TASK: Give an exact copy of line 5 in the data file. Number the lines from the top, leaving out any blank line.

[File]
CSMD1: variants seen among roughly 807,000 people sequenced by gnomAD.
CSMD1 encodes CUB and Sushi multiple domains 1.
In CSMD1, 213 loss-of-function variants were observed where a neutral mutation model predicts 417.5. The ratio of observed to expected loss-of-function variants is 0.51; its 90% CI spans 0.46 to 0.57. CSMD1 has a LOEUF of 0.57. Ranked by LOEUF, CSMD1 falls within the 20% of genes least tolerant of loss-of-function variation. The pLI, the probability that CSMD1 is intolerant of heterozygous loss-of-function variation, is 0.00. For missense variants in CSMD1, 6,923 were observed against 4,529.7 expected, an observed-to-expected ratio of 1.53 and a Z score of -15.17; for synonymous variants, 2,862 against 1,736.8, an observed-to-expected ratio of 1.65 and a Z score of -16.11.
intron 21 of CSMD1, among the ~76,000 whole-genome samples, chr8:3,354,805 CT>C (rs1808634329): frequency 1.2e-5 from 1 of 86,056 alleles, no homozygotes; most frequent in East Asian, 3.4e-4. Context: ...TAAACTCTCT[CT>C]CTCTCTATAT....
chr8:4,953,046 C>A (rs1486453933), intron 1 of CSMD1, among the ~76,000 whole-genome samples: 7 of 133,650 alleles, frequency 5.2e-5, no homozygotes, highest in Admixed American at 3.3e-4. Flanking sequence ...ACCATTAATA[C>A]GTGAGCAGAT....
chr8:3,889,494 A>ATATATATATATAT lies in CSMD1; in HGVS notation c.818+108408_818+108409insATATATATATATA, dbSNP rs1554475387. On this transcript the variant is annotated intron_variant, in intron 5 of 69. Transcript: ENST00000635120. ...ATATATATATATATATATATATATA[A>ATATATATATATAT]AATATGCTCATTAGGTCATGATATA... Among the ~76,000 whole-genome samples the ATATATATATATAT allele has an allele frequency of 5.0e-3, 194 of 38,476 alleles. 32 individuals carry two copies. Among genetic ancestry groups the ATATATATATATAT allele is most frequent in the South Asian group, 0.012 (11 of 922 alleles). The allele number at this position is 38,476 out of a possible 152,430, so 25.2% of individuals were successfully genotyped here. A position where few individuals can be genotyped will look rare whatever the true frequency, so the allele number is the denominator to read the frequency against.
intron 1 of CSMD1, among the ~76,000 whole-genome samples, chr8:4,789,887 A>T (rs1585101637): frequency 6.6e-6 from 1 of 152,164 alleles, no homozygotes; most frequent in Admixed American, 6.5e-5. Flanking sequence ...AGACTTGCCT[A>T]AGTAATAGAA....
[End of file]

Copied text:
chr8:4,953,046 C>A (rs1486453933), intron 1 of CSMD1, among the ~76,000 whole-genome samples: 7 of 133,650 alleles, frequency 5.2e-5, no homozygotes, highest in Admixed American at 3.3e-4. Flanking sequence ...ACCATTAATA[C>A]GTGAGCAGAT....